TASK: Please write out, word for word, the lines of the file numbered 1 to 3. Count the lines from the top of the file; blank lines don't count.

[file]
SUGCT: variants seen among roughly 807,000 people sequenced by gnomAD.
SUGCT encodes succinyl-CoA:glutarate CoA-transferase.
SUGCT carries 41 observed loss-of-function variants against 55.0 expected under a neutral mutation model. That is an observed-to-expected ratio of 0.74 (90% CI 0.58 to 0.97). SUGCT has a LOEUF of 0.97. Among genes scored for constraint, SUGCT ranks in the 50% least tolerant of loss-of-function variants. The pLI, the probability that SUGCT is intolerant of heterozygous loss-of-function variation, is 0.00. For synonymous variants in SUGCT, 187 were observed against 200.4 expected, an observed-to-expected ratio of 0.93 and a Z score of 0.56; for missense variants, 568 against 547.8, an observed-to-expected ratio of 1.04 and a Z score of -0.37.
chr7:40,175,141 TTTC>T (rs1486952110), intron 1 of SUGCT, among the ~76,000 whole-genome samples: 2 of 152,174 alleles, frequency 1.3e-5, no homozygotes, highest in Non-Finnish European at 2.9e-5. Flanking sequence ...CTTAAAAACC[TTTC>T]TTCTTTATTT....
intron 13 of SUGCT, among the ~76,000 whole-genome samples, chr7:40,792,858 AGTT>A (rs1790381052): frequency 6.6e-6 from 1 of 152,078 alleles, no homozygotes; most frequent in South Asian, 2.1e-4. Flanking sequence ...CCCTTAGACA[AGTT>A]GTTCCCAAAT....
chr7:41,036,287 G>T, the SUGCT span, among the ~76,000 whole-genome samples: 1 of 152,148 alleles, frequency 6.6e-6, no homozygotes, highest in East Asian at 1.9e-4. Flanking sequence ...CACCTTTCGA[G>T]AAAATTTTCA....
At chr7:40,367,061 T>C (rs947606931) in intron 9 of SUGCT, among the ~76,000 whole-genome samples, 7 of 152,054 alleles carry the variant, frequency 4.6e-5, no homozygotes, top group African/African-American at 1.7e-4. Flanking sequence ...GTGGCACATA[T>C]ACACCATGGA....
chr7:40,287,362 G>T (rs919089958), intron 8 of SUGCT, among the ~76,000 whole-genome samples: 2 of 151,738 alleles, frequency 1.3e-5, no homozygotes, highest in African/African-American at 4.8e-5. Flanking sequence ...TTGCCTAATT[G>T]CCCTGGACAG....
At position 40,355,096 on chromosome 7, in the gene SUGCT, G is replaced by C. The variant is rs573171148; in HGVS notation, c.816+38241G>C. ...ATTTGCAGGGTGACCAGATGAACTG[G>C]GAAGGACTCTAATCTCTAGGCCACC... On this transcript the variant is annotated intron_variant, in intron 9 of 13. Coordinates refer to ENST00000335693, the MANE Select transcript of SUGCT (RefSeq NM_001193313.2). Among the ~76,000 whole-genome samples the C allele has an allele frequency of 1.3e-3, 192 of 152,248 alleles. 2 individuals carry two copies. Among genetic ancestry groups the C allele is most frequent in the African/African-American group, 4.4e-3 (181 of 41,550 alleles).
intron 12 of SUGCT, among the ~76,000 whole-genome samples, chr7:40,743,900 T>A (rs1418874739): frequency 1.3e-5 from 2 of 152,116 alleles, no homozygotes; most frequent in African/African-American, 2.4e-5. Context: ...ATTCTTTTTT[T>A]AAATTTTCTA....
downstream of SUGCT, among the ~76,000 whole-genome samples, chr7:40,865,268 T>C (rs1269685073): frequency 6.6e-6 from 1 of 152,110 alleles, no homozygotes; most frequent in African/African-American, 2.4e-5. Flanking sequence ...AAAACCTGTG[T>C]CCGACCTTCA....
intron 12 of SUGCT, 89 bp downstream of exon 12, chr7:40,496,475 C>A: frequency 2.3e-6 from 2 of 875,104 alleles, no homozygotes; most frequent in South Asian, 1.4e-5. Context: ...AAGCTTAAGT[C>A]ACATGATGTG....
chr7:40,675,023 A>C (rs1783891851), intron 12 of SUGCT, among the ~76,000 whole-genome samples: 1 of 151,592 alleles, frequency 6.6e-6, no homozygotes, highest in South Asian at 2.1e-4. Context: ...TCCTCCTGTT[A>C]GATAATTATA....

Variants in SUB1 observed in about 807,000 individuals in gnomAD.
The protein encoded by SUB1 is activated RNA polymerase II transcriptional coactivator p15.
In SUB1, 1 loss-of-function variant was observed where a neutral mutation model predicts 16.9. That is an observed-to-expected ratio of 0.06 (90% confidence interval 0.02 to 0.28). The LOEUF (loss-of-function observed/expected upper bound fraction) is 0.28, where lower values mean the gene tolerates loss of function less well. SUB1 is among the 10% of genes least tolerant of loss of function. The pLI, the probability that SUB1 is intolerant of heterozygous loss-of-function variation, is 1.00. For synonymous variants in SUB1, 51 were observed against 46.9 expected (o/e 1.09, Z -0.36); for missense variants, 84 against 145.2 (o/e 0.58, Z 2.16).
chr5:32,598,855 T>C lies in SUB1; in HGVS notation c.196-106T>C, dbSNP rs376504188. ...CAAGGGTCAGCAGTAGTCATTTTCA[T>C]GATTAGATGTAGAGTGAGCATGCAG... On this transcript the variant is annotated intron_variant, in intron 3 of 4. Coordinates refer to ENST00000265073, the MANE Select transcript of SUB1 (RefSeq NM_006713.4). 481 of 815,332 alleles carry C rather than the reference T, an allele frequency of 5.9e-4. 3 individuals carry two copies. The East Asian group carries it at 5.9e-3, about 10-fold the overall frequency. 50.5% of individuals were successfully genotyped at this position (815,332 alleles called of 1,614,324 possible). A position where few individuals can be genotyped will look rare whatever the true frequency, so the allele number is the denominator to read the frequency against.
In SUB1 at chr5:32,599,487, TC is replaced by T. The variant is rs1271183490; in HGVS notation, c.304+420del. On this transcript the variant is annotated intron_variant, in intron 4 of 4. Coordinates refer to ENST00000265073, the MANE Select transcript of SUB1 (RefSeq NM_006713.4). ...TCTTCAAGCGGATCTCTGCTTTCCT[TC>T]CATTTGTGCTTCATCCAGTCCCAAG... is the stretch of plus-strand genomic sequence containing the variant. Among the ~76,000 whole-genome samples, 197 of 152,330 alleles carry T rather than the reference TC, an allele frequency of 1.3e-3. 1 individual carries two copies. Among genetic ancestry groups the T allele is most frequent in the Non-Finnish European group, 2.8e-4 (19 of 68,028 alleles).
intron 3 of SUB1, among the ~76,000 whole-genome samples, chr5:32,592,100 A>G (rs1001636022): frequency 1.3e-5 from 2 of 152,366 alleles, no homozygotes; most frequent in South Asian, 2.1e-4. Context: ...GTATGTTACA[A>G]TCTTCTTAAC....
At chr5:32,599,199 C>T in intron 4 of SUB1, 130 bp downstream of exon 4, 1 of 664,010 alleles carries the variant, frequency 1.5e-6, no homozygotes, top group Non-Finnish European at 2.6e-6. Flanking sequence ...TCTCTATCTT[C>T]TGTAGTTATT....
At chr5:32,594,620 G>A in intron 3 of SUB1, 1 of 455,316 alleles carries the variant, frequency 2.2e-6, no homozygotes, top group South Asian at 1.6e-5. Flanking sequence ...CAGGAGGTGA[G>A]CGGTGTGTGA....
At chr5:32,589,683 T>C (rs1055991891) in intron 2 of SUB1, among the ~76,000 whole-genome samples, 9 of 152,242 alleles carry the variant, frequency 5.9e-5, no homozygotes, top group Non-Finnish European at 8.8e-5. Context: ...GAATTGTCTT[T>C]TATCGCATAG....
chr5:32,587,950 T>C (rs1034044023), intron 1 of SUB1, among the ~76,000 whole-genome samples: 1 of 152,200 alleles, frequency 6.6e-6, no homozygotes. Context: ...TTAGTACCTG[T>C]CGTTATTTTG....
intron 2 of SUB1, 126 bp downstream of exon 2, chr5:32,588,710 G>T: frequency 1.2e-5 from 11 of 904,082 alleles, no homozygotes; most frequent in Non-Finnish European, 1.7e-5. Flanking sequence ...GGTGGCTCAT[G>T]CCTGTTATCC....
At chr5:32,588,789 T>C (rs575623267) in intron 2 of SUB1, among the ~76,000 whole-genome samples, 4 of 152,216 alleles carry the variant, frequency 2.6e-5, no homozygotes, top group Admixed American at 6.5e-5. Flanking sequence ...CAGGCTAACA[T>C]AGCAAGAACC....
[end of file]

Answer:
SUGCT: variants seen among roughly 807,000 people sequenced by gnomAD.
SUGCT encodes succinyl-CoA:glutarate CoA-transferase.
SUGCT carries 41 observed loss-of-function variants against 55.0 expected under a neutral mutation model. That is an observed-to-expected ratio of 0.74 (90% CI 0.58 to 0.97). SUGCT has a LOEUF of 0.97. Among genes scored for constraint, SUGCT ranks in the 50% least tolerant of loss-of-function variants. The pLI, the probability that SUGCT is intolerant of heterozygous loss-of-function variation, is 0.00. For synonymous variants in SUGCT, 187 were observed against 200.4 expected, an observed-to-expected ratio of 0.93 and a Z score of 0.56; for missense variants, 568 against 547.8, an observed-to-expected ratio of 1.04 and a Z score of -0.37.